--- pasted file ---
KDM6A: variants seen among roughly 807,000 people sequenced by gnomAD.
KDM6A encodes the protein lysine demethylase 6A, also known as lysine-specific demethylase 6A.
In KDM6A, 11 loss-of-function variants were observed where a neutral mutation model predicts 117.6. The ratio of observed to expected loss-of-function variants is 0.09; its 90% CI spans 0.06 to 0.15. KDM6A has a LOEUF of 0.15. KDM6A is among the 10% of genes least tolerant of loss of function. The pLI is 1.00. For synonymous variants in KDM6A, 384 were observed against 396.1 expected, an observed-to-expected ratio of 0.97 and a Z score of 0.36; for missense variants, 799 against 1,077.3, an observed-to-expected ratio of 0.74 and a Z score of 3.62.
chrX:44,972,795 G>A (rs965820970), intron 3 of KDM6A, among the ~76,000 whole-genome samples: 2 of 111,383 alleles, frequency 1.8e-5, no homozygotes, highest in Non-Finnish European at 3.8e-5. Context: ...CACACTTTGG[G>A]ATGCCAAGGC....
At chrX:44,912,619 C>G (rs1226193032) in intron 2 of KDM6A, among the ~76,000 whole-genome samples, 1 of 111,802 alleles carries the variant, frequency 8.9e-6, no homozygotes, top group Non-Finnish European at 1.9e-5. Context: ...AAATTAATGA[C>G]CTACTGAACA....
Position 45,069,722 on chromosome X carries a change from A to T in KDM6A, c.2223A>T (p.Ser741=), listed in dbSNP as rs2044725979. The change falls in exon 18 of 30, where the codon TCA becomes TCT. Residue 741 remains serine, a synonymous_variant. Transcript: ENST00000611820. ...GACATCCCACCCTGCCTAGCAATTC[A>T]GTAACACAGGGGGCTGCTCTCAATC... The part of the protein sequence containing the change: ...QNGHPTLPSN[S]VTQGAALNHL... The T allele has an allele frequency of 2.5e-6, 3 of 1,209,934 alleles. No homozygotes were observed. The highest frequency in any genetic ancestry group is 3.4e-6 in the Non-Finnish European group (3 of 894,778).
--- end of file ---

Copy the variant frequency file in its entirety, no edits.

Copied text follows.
KDM6A: variants seen among roughly 807,000 people sequenced by gnomAD.
KDM6A encodes the protein lysine demethylase 6A, also known as lysine-specific demethylase 6A.
In KDM6A, 11 loss-of-function variants were observed where a neutral mutation model predicts 117.6. The ratio of observed to expected loss-of-function variants is 0.09; its 90% CI spans 0.06 to 0.15. KDM6A has a LOEUF of 0.15. KDM6A is among the 10% of genes least tolerant of loss of function. The pLI is 1.00. For synonymous variants in KDM6A, 384 were observed against 396.1 expected, an observed-to-expected ratio of 0.97 and a Z score of 0.36; for missense variants, 799 against 1,077.3, an observed-to-expected ratio of 0.74 and a Z score of 3.62.
chrX:44,972,795 G>A (rs965820970), intron 3 of KDM6A, among the ~76,000 whole-genome samples: 2 of 111,383 alleles, frequency 1.8e-5, no homozygotes, highest in Non-Finnish European at 3.8e-5. Context: ...CACACTTTGG[G>A]ATGCCAAGGC....
At chrX:44,912,619 C>G (rs1226193032) in intron 2 of KDM6A, among the ~76,000 whole-genome samples, 1 of 111,802 alleles carries the variant, frequency 8.9e-6, no homozygotes, top group Non-Finnish European at 1.9e-5. Context: ...AAATTAATGA[C>G]CTACTGAACA....
Position 45,069,722 on chromosome X carries a change from A to T in KDM6A, c.2223A>T (p.Ser741=), listed in dbSNP as rs2044725979. The change falls in exon 18 of 30, where the codon TCA becomes TCT. Residue 741 remains serine, a synonymous_variant. Transcript: ENST00000611820. ...GACATCCCACCCTGCCTAGCAATTC[A>T]GTAACACAGGGGGCTGCTCTCAATC... The part of the protein sequence containing the change: ...QNGHPTLPSN[S]VTQGAALNHL... The T allele has an allele frequency of 2.5e-6, 3 of 1,209,934 alleles. No homozygotes were observed. The highest frequency in any genetic ancestry group is 3.4e-6 in the Non-Finnish European group (3 of 894,778).